"I ask people to try it just once, to see how you feel," Garrell says. He also says that the first three sessions in a complete treatment are a good "test drive" to see if structural integration is helpful to the client. He understands that the commitment of time and money are common obstacles in people coming to him, so he tries to make it easy for those interested to at least try it out. He also recommends trying out yoga, since it also helps open up the body and improve flexibility and overall health.
Additionally, a person has to be aware and conscious of how they move, why they do it, and consider what it does to the rest of the body. Garrell says that when he finds himself tensing his neck or shoulders unawares, he thinks “Do I really need to be doing this?” When the answer is no, Garrell says that signals the need to concentrate on overall relaxation, and that there might be a current physical or emotional reason for the tensing. Finding out the why is just as important as recognizing the physical effects in the body. “Structural integration is very solution-oriented,” Garrell says. “It’s not just about the symptoms.”
Many times, the effects of structural integration are not only deeply felt, but are also physically obvious. Because afterwards the fascia is holding the muscles and bones differently than before, a person’s stature will normally have a different overall appearance. Garrell sometimes takes “before” and “after” pictures of his clients to show the change. “You can see how the legs and arms fall differently. You can feel it, too, but you look taller, and feel more grounded,” he says.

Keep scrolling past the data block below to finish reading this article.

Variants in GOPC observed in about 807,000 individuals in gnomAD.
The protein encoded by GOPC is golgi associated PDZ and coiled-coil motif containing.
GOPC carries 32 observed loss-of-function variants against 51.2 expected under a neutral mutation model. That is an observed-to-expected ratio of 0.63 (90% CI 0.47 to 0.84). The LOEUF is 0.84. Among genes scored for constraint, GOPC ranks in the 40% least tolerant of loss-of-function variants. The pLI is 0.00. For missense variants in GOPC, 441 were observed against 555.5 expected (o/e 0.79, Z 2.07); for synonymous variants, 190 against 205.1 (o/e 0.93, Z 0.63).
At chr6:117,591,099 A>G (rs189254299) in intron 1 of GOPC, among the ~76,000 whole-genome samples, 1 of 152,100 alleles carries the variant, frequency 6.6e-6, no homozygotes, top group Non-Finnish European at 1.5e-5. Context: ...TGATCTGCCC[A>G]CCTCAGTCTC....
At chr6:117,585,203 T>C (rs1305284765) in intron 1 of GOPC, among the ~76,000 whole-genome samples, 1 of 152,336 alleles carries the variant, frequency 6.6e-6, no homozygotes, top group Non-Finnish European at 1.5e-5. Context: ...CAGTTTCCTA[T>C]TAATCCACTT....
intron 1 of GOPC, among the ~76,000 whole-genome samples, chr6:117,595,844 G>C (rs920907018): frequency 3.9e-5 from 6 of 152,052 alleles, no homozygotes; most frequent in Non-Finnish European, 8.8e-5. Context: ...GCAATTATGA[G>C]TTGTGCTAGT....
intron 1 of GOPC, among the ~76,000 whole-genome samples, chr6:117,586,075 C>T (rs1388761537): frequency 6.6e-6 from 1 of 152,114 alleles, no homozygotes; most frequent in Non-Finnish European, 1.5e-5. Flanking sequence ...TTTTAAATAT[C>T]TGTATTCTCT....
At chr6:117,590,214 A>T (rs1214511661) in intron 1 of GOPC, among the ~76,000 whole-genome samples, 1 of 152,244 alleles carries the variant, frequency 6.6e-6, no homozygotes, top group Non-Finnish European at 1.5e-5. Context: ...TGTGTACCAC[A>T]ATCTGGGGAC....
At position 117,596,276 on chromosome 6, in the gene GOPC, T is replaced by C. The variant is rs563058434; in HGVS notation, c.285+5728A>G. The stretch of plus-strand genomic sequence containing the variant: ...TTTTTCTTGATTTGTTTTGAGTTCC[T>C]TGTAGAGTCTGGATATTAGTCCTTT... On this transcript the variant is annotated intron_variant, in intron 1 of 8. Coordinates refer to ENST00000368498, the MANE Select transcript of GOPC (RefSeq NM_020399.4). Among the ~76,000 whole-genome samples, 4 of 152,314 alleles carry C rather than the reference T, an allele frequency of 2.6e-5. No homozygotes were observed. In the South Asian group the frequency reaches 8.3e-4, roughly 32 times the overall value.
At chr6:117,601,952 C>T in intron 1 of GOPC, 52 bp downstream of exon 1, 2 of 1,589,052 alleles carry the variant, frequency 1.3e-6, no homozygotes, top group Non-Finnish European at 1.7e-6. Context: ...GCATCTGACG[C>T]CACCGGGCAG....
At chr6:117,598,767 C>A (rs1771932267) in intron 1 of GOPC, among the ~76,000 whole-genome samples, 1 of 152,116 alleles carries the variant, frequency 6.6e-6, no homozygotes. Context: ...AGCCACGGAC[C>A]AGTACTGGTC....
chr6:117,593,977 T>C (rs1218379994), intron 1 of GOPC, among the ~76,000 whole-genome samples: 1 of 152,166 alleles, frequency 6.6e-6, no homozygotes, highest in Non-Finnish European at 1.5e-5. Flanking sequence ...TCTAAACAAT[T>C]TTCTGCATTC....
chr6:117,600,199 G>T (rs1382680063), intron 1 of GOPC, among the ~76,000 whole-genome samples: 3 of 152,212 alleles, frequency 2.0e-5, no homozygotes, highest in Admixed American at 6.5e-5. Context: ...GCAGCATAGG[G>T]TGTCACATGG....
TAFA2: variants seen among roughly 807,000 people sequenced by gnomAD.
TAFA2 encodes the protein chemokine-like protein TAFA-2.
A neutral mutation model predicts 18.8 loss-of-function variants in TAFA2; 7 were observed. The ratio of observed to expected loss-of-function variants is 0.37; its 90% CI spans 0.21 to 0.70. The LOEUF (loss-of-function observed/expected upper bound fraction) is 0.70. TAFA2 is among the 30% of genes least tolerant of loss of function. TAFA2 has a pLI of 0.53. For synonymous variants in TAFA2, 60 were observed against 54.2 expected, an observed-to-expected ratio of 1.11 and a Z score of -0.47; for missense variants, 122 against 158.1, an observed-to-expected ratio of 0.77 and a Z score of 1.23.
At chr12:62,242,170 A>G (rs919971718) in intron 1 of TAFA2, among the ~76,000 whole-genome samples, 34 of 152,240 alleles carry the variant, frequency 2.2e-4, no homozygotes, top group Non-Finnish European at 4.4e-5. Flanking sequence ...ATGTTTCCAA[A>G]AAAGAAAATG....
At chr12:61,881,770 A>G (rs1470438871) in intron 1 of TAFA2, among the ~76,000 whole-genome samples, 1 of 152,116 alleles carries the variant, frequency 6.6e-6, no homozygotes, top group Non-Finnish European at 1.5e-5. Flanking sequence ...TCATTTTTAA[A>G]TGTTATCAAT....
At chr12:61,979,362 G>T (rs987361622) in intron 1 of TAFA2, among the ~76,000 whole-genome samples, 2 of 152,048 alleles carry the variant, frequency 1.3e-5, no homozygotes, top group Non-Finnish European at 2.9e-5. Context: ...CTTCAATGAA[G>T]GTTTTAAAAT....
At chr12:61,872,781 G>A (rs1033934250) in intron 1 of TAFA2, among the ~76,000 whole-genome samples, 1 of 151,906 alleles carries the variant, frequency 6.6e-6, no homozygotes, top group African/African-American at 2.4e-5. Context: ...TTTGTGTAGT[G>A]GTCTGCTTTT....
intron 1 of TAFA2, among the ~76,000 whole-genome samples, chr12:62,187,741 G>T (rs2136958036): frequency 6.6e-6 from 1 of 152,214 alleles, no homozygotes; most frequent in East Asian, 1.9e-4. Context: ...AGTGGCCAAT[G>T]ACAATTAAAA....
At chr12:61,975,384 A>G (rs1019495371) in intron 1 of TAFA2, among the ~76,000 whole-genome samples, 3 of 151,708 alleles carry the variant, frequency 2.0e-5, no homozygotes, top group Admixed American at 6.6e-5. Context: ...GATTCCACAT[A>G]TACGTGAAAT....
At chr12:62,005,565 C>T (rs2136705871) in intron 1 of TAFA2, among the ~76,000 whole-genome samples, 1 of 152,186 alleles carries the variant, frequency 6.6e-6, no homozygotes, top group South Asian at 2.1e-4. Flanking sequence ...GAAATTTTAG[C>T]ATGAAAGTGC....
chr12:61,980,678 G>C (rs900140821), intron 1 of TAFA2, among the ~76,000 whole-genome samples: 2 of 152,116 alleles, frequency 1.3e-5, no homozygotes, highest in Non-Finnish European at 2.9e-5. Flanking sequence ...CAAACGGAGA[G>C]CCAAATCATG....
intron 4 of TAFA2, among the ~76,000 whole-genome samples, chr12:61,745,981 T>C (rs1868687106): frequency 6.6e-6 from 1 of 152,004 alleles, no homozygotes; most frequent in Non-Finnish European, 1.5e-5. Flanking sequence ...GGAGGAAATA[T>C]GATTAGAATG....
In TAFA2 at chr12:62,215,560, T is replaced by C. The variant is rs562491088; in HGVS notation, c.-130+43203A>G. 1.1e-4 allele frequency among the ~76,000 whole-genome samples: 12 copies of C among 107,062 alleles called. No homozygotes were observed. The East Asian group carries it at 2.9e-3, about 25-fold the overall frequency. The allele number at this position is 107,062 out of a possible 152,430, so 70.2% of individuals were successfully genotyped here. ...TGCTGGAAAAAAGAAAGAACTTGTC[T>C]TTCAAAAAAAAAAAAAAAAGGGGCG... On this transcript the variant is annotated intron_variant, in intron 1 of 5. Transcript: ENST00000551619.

While a person's body will look and feel better after even a few sessions, Garrell believes that equally powerful are the mental changes that result from structural integration. "It also shifts people's perspective," he says, "How they see themselves - with greater clarity." The release of tensions deep in the body can ease the tensions of the mind, and also bring to light what part emotions and mental habits play in creating physical problems. "It's about asking, what can I do to get rid of what makes me feel bad? It's the motivation to change your life," says Garrell.
It's this incentive that fuels Garrell's desire to bring this bodywork to others, in hope of changing other lives as it has changed his. "It's a motivation to stay that way," he says of the positive results, "Structural integration is a way to understand how and why this [body] works." He also says for him, it has helped him to understand other people, too. Most importantly, it's the way structural integration enhances overall well-being and can improve the quality of life. As Garrell succinctly and simply says, "For me, I just want to feel better. It's about the little things we do to feel better.
About Colleen Quinn
Colleen Quinn graduated from the University of Colorado, Boulder with a Bachelor of Science in Journalism and Mass Communication. A writer for most of her life, she has been writing for Whisperingtree.net for over two years. In that time, she’s had the opportunity to meet with many practitioners and masters of the healing arts. Using her years of customer service experience and time as an intern reporter, Colleen provides a unique means of expression for each practitioner she meets. She believes that honest interest and open ears are paramount for learning and understanding the world around us. Through her writing, Colleen offers readers a valuable insight into the work of those who are doing so much to help others.